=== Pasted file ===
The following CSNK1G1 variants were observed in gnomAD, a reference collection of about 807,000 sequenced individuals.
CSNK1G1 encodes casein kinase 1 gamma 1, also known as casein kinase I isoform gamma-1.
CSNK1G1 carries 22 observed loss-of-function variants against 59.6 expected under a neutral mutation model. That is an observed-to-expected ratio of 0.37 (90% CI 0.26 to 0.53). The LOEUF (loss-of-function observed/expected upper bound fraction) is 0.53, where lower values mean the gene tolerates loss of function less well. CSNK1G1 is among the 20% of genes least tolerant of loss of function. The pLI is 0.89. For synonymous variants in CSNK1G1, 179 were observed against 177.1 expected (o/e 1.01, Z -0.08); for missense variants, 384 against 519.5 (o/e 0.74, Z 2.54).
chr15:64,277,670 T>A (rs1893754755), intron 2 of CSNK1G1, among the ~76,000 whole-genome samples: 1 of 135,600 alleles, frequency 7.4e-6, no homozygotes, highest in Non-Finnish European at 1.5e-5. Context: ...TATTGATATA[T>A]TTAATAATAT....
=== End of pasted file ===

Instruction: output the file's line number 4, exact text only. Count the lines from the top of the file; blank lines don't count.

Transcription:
chr15:64,277,670 T>A (rs1893754755), intron 2 of CSNK1G1, among the ~76,000 whole-genome samples: 1 of 135,600 alleles, frequency 7.4e-6, no homozygotes, highest in Non-Finnish European at 1.5e-5. Context: ...TATTGATATA[T>A]TTAATAATAT....